Sour cherry vodka cocktail

Any other suggestions? The possibilities are only as limited as your supply of  Sour Cherry Gin or Vodka. Drinks on the deck anyone?

Beautiful day in Whately

Photo Credits:

Amy Lord by John Moloney
All others by Cynthia Allen
And no, the vista pictured above is not a view from my deck, though it is a short walk from my house. I think a thermos full of cocktails might be arranged…

P.S. Amy dear I am saving you a batch of this gin-based elixir for when we next meet up! Hopefully it’s soon~

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Quarantine Cocktail

June iris

We’ve made it through 27 days of quarantine after the little incident with the raccoon on Mother’s Day. The dog has had his shot (note the use of the singular), Shawn and I have had our shots (note the use of the plural), and we’ve only got 18 days more to go on Oliver’s state mandated quarantine. Time to celebrate with a spring time cocktail!

Rhubarb plant

While I have worked with food most of my life, one job I’ve never had is tending bar. I appreciate a good cocktail, have made many for photo shoots (with fake ice cubes and dots of glycerine to give the visual impression that the ice is actually cold), but have not explored mixology. Given that my rhubarb plant is ginormous (gigantic + enormous) this year and getting ready to take over the garden it seemed like the perfect time to try something pink and fun.

Rhubarb

My habit of procrastination is something my gardens have to suffer through. I buy packages of seeds dreaming about bowls of fresh peas and enough basil to finally fill my freezer with pesto, but don’t always get around to planting them in the ground so they can grow. My weekly visits to the farmer’s markets find me coming home loaded with berries, bread, eggs and vegetables, as well as several plants which inevitably take weeks to get in the ground. One of the hard truths I’ve realized about myself is when it comes to gardens the best foods for me to grow are ones that more or less grow themselves. Rhubarb is close to the top of that list. Once it’s planted and happy it will continue to grow year after year. The bonus is it’s one of the first things up in the spring along with chives.

Chive blossoms

Usually I never do anything too fancy with my rhubarb. I simmer the cut up stalks with some orange juice, sugar, and a chunk of ginger. Occasionally I’ll add a stick of cinnamon, but not always. Once the fruit has softened I serve it over ice cream or yogurt. The stewed fruit would look muddy and odd in a cocktail so I strained the juice, then added some gin, seltzer, and a twist of orange. It was a lovely late spring cocktail and just the thing to help boost our spirits for the final days of quarantine. If it’s not 5 o’clock where you are skip the gin and top off a jigger or two of syrup with seltzer for a refreshing spring tonic.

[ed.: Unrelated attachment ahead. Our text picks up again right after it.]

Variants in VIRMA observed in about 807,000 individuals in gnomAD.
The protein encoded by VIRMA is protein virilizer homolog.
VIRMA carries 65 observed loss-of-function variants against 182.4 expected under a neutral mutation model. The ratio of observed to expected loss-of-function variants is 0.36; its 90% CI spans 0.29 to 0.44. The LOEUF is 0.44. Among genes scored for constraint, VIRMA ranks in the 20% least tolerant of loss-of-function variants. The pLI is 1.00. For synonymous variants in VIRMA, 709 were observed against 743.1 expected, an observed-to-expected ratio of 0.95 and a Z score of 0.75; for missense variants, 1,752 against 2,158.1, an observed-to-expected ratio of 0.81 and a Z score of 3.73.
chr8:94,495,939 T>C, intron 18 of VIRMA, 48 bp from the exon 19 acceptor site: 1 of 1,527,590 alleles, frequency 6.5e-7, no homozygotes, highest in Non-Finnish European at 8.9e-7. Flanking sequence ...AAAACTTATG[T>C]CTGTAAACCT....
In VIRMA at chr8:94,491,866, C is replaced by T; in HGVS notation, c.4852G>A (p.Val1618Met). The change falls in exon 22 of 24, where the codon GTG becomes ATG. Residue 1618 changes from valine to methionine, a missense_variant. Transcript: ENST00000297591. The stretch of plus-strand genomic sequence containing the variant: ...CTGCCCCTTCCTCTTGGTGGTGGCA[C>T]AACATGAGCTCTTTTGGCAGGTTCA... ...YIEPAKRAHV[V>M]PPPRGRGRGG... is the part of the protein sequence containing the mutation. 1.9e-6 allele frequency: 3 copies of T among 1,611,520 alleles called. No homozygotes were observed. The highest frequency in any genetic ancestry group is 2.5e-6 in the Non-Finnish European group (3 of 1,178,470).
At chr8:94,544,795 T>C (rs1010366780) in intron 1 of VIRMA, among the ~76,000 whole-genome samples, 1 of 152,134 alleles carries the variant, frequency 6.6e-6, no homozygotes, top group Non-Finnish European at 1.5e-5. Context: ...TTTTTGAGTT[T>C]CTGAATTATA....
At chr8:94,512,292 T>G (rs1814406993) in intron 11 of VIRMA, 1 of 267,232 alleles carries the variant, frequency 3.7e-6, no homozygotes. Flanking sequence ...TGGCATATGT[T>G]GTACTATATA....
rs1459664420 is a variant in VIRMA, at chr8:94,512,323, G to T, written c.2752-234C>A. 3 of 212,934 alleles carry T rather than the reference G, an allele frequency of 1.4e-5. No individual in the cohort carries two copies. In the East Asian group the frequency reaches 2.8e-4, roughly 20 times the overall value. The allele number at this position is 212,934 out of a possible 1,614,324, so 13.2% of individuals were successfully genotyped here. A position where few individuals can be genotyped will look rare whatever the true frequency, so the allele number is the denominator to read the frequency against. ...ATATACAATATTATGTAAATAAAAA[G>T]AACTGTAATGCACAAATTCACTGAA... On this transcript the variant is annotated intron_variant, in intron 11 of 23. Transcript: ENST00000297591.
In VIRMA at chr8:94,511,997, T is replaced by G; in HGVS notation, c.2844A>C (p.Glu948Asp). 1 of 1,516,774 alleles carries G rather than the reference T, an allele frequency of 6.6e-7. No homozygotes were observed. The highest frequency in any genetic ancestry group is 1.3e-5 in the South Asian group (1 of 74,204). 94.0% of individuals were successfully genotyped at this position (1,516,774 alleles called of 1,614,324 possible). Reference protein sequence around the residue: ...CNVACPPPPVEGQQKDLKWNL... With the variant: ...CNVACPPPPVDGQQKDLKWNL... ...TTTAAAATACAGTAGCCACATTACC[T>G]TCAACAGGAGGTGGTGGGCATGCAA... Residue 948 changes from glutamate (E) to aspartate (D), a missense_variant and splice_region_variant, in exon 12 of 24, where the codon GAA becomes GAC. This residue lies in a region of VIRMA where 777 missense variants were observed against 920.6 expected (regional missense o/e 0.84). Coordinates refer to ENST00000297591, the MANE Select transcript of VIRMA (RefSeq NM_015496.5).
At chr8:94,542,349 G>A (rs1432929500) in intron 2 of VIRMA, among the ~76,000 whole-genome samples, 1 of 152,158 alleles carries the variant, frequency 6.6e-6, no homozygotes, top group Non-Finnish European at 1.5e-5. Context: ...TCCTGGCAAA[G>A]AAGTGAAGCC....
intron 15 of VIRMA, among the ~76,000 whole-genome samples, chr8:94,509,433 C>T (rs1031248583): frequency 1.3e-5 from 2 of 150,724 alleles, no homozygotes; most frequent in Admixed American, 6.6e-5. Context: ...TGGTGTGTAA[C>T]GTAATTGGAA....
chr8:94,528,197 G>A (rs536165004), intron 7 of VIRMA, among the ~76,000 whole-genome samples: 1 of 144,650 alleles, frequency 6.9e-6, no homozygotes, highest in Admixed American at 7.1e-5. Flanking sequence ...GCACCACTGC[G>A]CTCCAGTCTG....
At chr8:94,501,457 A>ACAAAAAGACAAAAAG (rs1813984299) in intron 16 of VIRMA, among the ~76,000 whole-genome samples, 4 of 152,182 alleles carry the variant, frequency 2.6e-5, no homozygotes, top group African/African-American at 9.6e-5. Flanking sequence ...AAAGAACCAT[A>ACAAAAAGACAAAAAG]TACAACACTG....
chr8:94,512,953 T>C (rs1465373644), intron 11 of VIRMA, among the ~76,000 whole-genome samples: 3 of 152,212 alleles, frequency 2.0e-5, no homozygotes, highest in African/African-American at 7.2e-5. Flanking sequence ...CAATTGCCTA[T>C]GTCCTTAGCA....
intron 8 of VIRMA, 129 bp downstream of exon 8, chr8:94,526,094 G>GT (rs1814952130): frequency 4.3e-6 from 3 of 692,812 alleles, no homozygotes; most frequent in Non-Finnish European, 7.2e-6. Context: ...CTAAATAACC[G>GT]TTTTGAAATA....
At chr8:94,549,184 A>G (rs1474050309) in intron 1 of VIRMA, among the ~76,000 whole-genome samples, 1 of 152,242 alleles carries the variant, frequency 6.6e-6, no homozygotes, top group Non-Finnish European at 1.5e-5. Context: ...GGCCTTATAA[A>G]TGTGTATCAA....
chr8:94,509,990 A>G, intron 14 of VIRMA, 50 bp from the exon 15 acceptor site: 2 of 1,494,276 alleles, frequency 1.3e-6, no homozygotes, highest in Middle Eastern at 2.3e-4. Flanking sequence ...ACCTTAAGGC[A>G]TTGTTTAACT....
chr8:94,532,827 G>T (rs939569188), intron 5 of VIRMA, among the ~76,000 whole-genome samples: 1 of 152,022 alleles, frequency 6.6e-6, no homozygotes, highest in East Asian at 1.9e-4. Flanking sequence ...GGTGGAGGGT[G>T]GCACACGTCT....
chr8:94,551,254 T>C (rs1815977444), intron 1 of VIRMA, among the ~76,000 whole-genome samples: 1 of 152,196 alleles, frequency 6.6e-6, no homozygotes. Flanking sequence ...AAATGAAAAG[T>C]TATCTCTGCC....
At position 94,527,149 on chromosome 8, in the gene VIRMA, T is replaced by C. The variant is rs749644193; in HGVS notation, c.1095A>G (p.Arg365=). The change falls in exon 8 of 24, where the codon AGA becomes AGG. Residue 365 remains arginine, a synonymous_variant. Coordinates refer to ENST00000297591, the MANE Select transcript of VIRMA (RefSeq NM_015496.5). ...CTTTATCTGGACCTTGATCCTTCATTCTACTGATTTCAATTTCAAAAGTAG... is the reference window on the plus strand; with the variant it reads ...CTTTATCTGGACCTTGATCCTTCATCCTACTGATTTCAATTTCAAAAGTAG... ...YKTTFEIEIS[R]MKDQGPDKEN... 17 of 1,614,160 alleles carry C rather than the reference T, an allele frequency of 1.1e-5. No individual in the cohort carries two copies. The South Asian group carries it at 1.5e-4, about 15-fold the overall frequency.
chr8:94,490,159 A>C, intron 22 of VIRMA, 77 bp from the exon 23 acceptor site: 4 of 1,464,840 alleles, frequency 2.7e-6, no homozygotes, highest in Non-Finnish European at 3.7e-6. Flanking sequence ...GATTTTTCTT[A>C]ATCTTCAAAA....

Ingredients for stewed rhubarb

Ingredients for Quatantine rhubarb cocktail

 

Quarantine Cocktail

Generous 4 cups of chopped rhubarb (1 1/2 pounds before trimming)

1 orange

3-5 slices of fresh ginger, depending on taste

3/4 cup sugar

3/4 cup water

Place all ingredients in a medium size saucepan and simmer over medium heat for 7-12 minutes. Cover and let sit for 15 minutes so the flavors can meld. Strain the liquid from the solids, reserving the solids (from which you remove the orange rinds and ginger slices). Let cool. Save the solid ginger infused rhubarb solids for mixing into a bowl of ice cream or whipping into a milkshake or spreading on toast as a kind of non-jam.

Gin

Rhubarb ginger syrup

Seltzer

Orange twist (optional)

I used the following measurements, but feel free to experiment with whatever suits your tastes. 1 part gin to 2-3 parts syrup topped with seltzer and served over ice. If you feel like being fancy add a twist of orange.

Quarantine Cocktail

Note: For those of you new to rhubarb don’t forget while the stalks are edible – the leaves are poisonous.

Swallowtail butterfly